When a corporate director finds herself under investigation for fraud for corporate actions that she approved or implemented, (6) one defense she may wish to raise is her good faith reliance on the advice of the corporation's counsel that the actions were legal. (7) Generally, when a defendant raises this "advice of counsel defense," the court requires her to waive the attorney-client privilege with respect to the legal opinions upon which she relied. However, the corporate director who hopes to raise this defense faces a unique challenge: she is not actually the holder of the attorney-client privilege, because the corporation was the client who retained the counsel's services. Although society expects and even requires directors to rely on the legal advice of their corporation's counsel, (8) courts have consistently held that the corporation is the sole holder of the attorney-client privilege (9) because to hold otherwise would eviscerate the privilege. (10) Therefore, if a director, sued in her individual capacity, wishes to raise an advice of counsel defense and the corporation refuses to waive its privilege, the legal system reaches an impasse in which two fundamental doctrines are at loggerheads: the defendant director's right to defend herself and the corporation's right to maintain its attorney-client privilege.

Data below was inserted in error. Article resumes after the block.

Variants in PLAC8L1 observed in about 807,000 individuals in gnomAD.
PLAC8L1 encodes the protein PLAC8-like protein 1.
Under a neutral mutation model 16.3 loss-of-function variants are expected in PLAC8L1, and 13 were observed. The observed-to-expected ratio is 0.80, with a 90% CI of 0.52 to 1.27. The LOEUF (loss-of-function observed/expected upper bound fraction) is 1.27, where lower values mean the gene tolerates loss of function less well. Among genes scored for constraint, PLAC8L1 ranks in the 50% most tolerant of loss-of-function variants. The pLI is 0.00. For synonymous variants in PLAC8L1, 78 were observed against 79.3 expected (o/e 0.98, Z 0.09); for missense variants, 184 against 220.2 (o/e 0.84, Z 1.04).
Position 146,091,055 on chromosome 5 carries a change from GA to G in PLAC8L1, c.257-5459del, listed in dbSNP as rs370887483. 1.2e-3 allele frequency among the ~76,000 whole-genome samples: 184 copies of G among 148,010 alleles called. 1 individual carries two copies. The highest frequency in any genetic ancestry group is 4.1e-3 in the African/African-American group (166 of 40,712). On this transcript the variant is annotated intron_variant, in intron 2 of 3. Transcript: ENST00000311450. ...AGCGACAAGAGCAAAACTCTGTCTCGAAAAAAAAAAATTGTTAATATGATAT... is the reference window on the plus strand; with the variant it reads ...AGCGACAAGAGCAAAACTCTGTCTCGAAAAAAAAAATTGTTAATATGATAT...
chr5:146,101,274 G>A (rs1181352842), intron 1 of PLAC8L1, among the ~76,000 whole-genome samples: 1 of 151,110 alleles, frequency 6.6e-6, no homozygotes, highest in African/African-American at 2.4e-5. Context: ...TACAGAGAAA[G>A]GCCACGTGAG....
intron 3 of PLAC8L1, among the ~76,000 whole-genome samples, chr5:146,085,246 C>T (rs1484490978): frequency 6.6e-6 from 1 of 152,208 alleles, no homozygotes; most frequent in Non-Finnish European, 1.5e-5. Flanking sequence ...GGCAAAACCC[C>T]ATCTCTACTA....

This Note examines possible solutions to this impasse and argues that the best solution is to encourage directors and corporations to contract ex ante: the corporation will waive its attorney-client privilege if the director, sued in her individual capacity, needs to raise an advice of counsel defense. The default privilege rule should hold all attorney-corporation communications to be presumptively privileged by the corporation; in other words, the default should preserve the current law on establishing attorney-client privilege. (11) When the parties have contracted for waiver of the privilege, however, courts should enforce such contracts. Furthermore, courts should encourage the director and corporation to contract for waiver by enforcing a mandatory exclusionary rule. A plaintiff, faced with a director who threatens to raise an advice of counsel defense without having access to the relevant legal opinions, should be granted a motion in limine to prevent the defendant from even mentioning at trial that she relied on the advice of counsel. (12) Consistent application of this exclusionary rule and the motion in limine, while remaining within the existing legal framework, would be an improvement over the current, uncertain regime, and would allow the parties to anticipate how litigation would proceed.